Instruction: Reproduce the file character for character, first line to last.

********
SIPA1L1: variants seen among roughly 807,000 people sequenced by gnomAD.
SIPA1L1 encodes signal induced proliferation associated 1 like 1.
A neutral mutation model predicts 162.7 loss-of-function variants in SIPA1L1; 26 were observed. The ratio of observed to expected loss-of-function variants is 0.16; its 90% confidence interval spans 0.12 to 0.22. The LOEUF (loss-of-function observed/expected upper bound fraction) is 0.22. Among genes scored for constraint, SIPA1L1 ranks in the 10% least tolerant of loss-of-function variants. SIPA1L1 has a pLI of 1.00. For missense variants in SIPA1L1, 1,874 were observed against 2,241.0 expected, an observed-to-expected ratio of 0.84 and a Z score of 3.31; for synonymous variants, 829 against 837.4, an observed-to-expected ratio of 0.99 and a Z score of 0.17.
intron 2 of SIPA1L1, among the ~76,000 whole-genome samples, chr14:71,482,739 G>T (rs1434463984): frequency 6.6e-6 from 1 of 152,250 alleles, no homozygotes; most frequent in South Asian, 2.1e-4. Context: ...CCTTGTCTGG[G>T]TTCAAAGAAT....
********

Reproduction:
SIPA1L1: variants seen among roughly 807,000 people sequenced by gnomAD.
SIPA1L1 encodes signal induced proliferation associated 1 like 1.
A neutral mutation model predicts 162.7 loss-of-function variants in SIPA1L1; 26 were observed. The ratio of observed to expected loss-of-function variants is 0.16; its 90% confidence interval spans 0.12 to 0.22. The LOEUF (loss-of-function observed/expected upper bound fraction) is 0.22. Among genes scored for constraint, SIPA1L1 ranks in the 10% least tolerant of loss-of-function variants. SIPA1L1 has a pLI of 1.00. For missense variants in SIPA1L1, 1,874 were observed against 2,241.0 expected, an observed-to-expected ratio of 0.84 and a Z score of 3.31; for synonymous variants, 829 against 837.4, an observed-to-expected ratio of 0.99 and a Z score of 0.17.
intron 2 of SIPA1L1, among the ~76,000 whole-genome samples, chr14:71,482,739 G>T (rs1434463984): frequency 6.6e-6 from 1 of 152,250 alleles, no homozygotes; most frequent in South Asian, 2.1e-4. Context: ...CCTTGTCTGG[G>T]TTCAAAGAAT....